- The Respondent must not try to corner the market in all domain names, thus depriving the trademark owner of reflecting its own mark in a domain name. Magnum Piering, Inc. v. Mudjackers, WIPO Case No. D2000-1525 (January 29, 2001) (“a single distributor is extremely unlikely to have a legitimate interest in precluding others from using numerous variants on a mark”).”
Applying these “minimum” requirements here:
- There is no dispute that the Respondent was an authorized retailer of the Complainant’s “VIVOBAREFOOT” products. It began selling those products in 2009. The Panel has been provided with comprehensive correspondence regarding the breakdown of the parties’ distribution arrangements. While the exact date is difficult to determine, the Panel is of the view that there is no longer a business relationship between the parties. As the Respondent has refused to sign Sole’s required terms and conditions, and Sole is the Complainant’s only Australian distributor, it is fair to assume that the Respondent will not be selling the Complainant’s products in the future, and will not have rights or interests in the Disputed Domain Names (see, for example, Green Tyre Company Plc. v. Shannon Group, WIPO Case No. D2005-0877; and SPECS GmbH v. SPECS Scientific Instruments, Inc. d/b/a SPECS Technologies Corporation, WIPO Case No. D2009-0308). However, as the Respondent currently still has some of the Complainant’s products in stock, technically, it is “actually offering the goods or services at issue”.
- The Respondent does not use the websites to “sell only the trademarked goods”. The website at the First Domain Name is not used at all. It is being “passively held”, as such is not being used in connection with any bona fide offering of goods or services. The Second Domain Name redirects to a website which sells the Complainant’s products, but also advertises “handcut” clothing products.
- As far as the Panel can determine, the Respondent does not disclose its relationship with the Complainant anywhere on either of the websites associated with the Dispute Domain Names. In fact, the website that the Second Domain Name manually redirects to appears to be the Complainant’s official site. For example, the “About Us” section of the website does not describe the Respondent at all, it describes the Complainant and its “VIVOBAREFOOT” products.
- The Respondent has not attempted to “corner the market”. The Panel accepts the Respondent’s submission that it only registered the Second Domain Name at the instruction of the Complainant.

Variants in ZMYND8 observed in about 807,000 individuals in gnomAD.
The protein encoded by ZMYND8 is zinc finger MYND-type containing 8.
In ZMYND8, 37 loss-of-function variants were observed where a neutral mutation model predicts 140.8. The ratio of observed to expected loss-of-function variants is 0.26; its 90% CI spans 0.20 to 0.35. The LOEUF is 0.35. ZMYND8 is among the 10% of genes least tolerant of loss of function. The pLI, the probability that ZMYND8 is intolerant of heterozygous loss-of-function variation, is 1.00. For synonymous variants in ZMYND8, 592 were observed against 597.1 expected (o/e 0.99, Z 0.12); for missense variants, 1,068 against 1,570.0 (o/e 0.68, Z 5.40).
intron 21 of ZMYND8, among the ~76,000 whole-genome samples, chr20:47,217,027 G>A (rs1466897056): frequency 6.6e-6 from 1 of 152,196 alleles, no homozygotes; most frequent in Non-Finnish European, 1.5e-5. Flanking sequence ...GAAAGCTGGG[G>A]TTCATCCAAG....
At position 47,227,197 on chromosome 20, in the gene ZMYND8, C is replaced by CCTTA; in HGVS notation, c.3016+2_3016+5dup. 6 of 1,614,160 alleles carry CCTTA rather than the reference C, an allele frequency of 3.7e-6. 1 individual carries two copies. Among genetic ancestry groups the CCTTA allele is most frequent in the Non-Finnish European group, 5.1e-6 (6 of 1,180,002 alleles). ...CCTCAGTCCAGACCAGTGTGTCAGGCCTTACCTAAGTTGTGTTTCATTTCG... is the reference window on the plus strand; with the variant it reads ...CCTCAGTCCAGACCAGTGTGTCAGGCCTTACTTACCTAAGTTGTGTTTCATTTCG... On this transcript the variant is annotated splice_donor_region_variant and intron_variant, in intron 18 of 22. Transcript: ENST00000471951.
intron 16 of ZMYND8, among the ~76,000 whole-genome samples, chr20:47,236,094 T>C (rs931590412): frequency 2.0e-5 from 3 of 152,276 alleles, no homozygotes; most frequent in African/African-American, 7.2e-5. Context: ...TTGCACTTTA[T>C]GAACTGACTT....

In light of the above, the Panel concludes that the Respondent has not made out the Oki Data factors, and so the Complainant succeeds on the second element of the Policy.
D. Registered or Subsequently Used in Bad Faith
Paragraph 4(a)(iii) of the Policy provides that the Complainant must establish that the Disputed Domain Names have been registered or subsequently used in bad faith.
The Panel finds that the registrations of the Disputed Domain Names were not in bad faith. While the facts are unclear, it appears that the Respondent acted upon the inferred consent of the Complainant in registering the First Domain Name and the instructions of the Complainant in registering the Second Domain Name.
Therefore, the question is whether the Respondent’s subsequent use of the Disputed Domain Names has been in bad faith.
As stated above, it is difficult to determine the exact date that the business arrangement between the parties was terminated. Possibly, it ended on June 12, 2012, when the Respondent refused to sign Sole’s terms and conditions. When the arrangement with the Complainant ended, the Respondent should have been well aware that it had no lawful entitlement or license to use the Complainant’s Trade Marks (in a domain name or otherwise). The Respondent’s continued use of the Dispute Domain Names after the termination of the business arrangement of the parties has therefore been in bad faith (see, for example, SPECS GmbH v. SPECS Scientific Instruments, Inc. d/b/a SPECS Technologies Corporation, WIPO Case No. D2009-0308).
As both parties’ submissions indicate that the Respondent will not be selling the Complainant’s goods in the future (once its current stock is exhausted), it appears that the Respondent’s is retaining the Disputed Domain Names to prevent the Complainant from using them in Australia and to disrupt the Complainant’s (and Sole’s) business activities (see, for example, US Bank National Association as trustees for the First Alert Trust v. Master Distributors Unit Trust, Bradley Green, WIPO Case No. DAU2011-0031).
Accordingly, the Panel finds that the third element of the Policy is made out.
For all the foregoing reasons, in accordance with Paragraphs 4(i) of the Policy and 15 of the Rules, the Panel orders that the Disputed Domain Names, <vivobarefoot.com.au> and <vivobarefootaustralia.com.au>, be transferred to the Complainant.
Dated: November 22, 2012